Is My Child Ready for Contact Lenses?

Is My Child Ready for Contact Lenses?

young girl in orange top wearing glasses

If you have a child who currently wears glasses, chances are they have asked about contact lenses. This is especially true now that masks have become a standard tool to prevent the spread of COVID-19-anyone who has worn a mask with glasses knows the frustration of foggy lenses. While glasses are a functional and stylish accessory, contacts offer some freedom that glasses cannot. This makes them a great option for kids and parents who are ready for the responsibility of using them properly. In this blog, we’ll discuss the benefits and risks of contact lenses for kids to help you decide if your child is ready.

 

Types of contact lenses

There are two basic types of contact lenses: soft lenses and hard lenses. Soft contact lenses are the most common, and would likely be prescribed for a child. While hard contact lenses are sometimes used for children with specific eye care needs, we will discuss soft contact lenses in this blog.

Soft contact lenses are made from flexible plastics. They are available in a variety of replacement schedules: extended wear, monthly, bi-weekly, weekly, or daily. Extended wear lenses are designed for use during the day and can also be worn while sleeping, for up to 30 days. These lenses are not ideal for children as they carry greater risk of infection and are generally less comfortable. Monthly, bi-weekly, and weekly replacement lenses are worn during the day, stored overnight in a disinfecting solution, cleaned, and worn again the next day. Daily disposable contact lenses are thrown away after each use, and a new pair is worn the next day. Optometrists often recommend daily replacement lenses for kids and teens because they eliminate a great portion of the work and responsibility that comes with wearing contact lenses. There is less room for error when cleaning and storing lenses because they will almost always be in the wearers eye during their useful life. 

Cleaning and disinfecting lenses

Lenses worn for longer than one day must be cleaned, disinfected, and stored properly to eliminate the risk of infection and irritation. When considering whether or not your child is a good candidate for contact lenses, look at how they handle other responsibilities. Proper hand hygiene is essential to contact lens use. If your child is not diligent about washing their hands, or struggles with personal hygiene, they may not be ready for contacts yet. As a parent, remember that it will take supervision to ensure that your child is caring for their contacts correctly. 

Benefits of contacts over glasses

If you do feel that you and your child are ready for the responsibility of contact lenses, you will find that there are some great benefits to wearing contact lenses. Here are some examples:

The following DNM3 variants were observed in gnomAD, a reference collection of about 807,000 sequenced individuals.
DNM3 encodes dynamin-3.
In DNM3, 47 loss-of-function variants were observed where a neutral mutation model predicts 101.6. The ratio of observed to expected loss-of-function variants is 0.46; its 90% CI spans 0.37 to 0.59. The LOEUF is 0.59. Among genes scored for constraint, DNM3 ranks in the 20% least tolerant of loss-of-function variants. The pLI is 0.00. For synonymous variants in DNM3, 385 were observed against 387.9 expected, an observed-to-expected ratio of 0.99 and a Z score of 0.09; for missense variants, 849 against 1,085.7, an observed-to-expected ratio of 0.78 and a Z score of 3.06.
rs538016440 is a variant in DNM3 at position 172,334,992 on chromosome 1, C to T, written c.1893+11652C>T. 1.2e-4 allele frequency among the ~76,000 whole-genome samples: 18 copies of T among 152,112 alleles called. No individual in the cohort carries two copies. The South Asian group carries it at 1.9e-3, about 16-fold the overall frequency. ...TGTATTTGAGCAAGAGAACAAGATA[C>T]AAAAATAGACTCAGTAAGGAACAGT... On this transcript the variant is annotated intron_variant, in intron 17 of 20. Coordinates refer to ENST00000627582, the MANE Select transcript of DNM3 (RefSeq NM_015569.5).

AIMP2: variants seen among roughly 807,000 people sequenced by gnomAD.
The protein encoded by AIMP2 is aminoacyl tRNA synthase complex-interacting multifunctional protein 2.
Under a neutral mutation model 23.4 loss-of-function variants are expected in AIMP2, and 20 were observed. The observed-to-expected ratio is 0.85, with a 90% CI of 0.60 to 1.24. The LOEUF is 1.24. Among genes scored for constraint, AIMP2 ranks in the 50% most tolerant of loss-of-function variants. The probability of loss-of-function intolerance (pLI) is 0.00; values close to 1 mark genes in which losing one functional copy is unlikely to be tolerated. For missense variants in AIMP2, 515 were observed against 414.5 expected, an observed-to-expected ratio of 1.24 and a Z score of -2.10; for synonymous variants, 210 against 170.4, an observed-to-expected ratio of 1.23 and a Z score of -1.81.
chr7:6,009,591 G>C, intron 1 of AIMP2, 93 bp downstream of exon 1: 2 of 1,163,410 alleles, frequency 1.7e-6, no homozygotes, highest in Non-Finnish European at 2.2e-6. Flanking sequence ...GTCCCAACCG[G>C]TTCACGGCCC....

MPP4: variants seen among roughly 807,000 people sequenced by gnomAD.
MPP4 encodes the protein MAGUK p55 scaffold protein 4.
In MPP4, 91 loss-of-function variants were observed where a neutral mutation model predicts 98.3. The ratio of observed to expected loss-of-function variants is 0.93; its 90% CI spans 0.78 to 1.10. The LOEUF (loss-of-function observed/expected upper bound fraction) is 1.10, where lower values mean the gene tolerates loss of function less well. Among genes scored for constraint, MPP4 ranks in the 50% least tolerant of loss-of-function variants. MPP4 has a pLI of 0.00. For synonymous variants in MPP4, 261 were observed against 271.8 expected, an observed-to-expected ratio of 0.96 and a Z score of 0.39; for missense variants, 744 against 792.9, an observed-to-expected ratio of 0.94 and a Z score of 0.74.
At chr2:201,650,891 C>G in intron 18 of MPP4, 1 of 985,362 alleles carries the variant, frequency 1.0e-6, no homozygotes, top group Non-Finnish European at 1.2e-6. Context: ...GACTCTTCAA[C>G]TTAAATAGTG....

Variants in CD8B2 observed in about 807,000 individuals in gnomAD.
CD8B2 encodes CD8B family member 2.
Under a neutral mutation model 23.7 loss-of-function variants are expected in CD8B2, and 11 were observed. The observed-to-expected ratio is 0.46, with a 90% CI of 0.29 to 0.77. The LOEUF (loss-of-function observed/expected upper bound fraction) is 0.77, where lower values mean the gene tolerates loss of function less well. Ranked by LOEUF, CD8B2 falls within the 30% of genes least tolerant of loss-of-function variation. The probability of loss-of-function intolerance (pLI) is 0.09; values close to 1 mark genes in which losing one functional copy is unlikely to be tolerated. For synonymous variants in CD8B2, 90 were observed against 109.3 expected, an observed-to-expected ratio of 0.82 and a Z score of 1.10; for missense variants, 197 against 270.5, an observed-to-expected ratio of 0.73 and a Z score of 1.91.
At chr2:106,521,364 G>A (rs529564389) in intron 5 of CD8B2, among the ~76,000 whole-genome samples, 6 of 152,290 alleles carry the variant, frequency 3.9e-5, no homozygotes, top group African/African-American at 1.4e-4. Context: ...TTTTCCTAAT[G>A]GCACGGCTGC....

• Use while wearing masks-Unlike glasses, contact don’t get foggy while wearing a mask.
  • Use in sports/activities-Wearing contacts can be much less cumbersome than glasses when playing sports. Many active kids find that contact lenses are more comfortable when active, and sports equipment, such as helmets or goggles, fits better over contacts than glasses. 
  • Driving-As teenagers approach driving age, they may find that it is more convenient to wear contact lenses, because they can easily switch between wearing and removing sunglasses. While prescription sunglasses are a great idea for everyone, it can be distracting to change glasses while driving, especially for new and inexperienced drivers. 
  • Self confidence-While glasses are often worn to make a fashion statement, contact lenses can play a role in developing a positive self image. A 2007 study found that contact lens wear dramatically improves how children and teens feel about their appearance. 

Risks of contact lenses

Like any medical device, contact lenses do carry some risk. The most common risk of contact lens wear is infection. Most contact lens infections are a result of improperly cleaning or storing contact lenses, or failing to properly wash hands. Other risks of contact lens wear include:

  • Corneal ulcers-usually a result of wearing contact lenses for too long
  • Corneal abrasion-a scratch on the cornea
  • Dry eye-wearing contacts can increase dry eye symptoms

The best way to ensure contact lens safety is to follow your eye doctor’s recommendations, and to keep your lenses, cases, and hands clean. Many studies have shown that children as young as 8 years old can successfully wear contact lenses without problems, but every child is different. It is up to you, your child, and your eye doctor to determine whether or not contacts are the right option. To schedule a contact lens exam, call or text (907) 328-2920. To learn more about eyecare for children, read our blog Children’s Eye Health and Safety.

Sources: Walline et al, “Benefits of contact lens wear for children and teens” Eye and Contact Lens 2007

Image: Photo by Krishh on Unsplash

Written by: Gina Stafford COA, LDO, ABOC

 

Posted in: Uncategorized

 
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